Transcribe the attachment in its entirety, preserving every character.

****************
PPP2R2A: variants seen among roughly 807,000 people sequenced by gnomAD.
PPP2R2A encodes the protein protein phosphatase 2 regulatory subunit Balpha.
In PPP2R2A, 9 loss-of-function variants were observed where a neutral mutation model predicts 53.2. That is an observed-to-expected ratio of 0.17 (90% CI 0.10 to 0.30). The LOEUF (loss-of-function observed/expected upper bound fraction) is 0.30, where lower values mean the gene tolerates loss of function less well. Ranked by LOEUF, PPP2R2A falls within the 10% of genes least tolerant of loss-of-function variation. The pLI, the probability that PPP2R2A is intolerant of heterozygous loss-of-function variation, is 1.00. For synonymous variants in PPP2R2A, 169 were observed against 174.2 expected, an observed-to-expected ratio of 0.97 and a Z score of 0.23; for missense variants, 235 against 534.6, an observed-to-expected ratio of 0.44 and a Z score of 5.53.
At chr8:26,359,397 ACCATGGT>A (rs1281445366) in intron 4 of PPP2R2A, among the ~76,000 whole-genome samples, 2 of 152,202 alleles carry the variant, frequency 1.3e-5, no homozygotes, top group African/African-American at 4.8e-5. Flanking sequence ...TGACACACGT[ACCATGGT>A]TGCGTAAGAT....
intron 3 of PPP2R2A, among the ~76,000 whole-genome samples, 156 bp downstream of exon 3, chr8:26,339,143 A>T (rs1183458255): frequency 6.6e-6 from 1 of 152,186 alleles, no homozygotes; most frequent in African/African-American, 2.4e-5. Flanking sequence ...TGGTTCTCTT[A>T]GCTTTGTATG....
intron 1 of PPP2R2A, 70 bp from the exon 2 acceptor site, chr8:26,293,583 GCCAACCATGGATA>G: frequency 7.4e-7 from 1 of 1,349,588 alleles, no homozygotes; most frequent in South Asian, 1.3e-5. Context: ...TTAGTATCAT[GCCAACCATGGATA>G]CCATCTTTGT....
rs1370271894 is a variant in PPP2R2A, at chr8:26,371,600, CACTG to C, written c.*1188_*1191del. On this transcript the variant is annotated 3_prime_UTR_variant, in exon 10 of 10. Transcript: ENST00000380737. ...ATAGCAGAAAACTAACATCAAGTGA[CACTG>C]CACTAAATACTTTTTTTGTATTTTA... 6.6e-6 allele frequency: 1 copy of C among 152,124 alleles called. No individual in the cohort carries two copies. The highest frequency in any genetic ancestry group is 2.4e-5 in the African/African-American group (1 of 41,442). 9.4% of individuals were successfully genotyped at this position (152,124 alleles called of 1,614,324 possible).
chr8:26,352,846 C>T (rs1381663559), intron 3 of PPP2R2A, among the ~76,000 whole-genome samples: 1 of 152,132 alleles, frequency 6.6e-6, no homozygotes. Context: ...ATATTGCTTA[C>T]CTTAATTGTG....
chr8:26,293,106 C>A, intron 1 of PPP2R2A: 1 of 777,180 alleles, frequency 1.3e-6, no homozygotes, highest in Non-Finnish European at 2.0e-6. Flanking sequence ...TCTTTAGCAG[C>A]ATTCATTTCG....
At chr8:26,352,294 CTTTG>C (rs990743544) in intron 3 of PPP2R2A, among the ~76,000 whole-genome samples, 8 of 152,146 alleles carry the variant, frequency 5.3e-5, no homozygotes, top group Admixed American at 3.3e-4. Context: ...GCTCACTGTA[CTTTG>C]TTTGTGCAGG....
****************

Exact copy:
PPP2R2A: variants seen among roughly 807,000 people sequenced by gnomAD.
PPP2R2A encodes the protein protein phosphatase 2 regulatory subunit Balpha.
In PPP2R2A, 9 loss-of-function variants were observed where a neutral mutation model predicts 53.2. That is an observed-to-expected ratio of 0.17 (90% CI 0.10 to 0.30). The LOEUF (loss-of-function observed/expected upper bound fraction) is 0.30, where lower values mean the gene tolerates loss of function less well. Ranked by LOEUF, PPP2R2A falls within the 10% of genes least tolerant of loss-of-function variation. The pLI, the probability that PPP2R2A is intolerant of heterozygous loss-of-function variation, is 1.00. For synonymous variants in PPP2R2A, 169 were observed against 174.2 expected, an observed-to-expected ratio of 0.97 and a Z score of 0.23; for missense variants, 235 against 534.6, an observed-to-expected ratio of 0.44 and a Z score of 5.53.
At chr8:26,359,397 ACCATGGT>A (rs1281445366) in intron 4 of PPP2R2A, among the ~76,000 whole-genome samples, 2 of 152,202 alleles carry the variant, frequency 1.3e-5, no homozygotes, top group African/African-American at 4.8e-5. Flanking sequence ...TGACACACGT[ACCATGGT>A]TGCGTAAGAT....
intron 3 of PPP2R2A, among the ~76,000 whole-genome samples, 156 bp downstream of exon 3, chr8:26,339,143 A>T (rs1183458255): frequency 6.6e-6 from 1 of 152,186 alleles, no homozygotes; most frequent in African/African-American, 2.4e-5. Flanking sequence ...TGGTTCTCTT[A>T]GCTTTGTATG....
intron 1 of PPP2R2A, 70 bp from the exon 2 acceptor site, chr8:26,293,583 GCCAACCATGGATA>G: frequency 7.4e-7 from 1 of 1,349,588 alleles, no homozygotes; most frequent in South Asian, 1.3e-5. Context: ...TTAGTATCAT[GCCAACCATGGATA>G]CCATCTTTGT....
rs1370271894 is a variant in PPP2R2A, at chr8:26,371,600, CACTG to C, written c.*1188_*1191del. On this transcript the variant is annotated 3_prime_UTR_variant, in exon 10 of 10. Transcript: ENST00000380737. ...ATAGCAGAAAACTAACATCAAGTGA[CACTG>C]CACTAAATACTTTTTTTGTATTTTA... 6.6e-6 allele frequency: 1 copy of C among 152,124 alleles called. No individual in the cohort carries two copies. The highest frequency in any genetic ancestry group is 2.4e-5 in the African/African-American group (1 of 41,442). 9.4% of individuals were successfully genotyped at this position (152,124 alleles called of 1,614,324 possible).
chr8:26,352,846 C>T (rs1381663559), intron 3 of PPP2R2A, among the ~76,000 whole-genome samples: 1 of 152,132 alleles, frequency 6.6e-6, no homozygotes. Context: ...ATATTGCTTA[C>T]CTTAATTGTG....
chr8:26,293,106 C>A, intron 1 of PPP2R2A: 1 of 777,180 alleles, frequency 1.3e-6, no homozygotes, highest in Non-Finnish European at 2.0e-6. Flanking sequence ...TCTTTAGCAG[C>A]ATTCATTTCG....
At chr8:26,352,294 CTTTG>C (rs990743544) in intron 3 of PPP2R2A, among the ~76,000 whole-genome samples, 8 of 152,146 alleles carry the variant, frequency 5.3e-5, no homozygotes, top group Admixed American at 3.3e-4. Context: ...GCTCACTGTA[CTTTG>C]TTTGTGCAGG....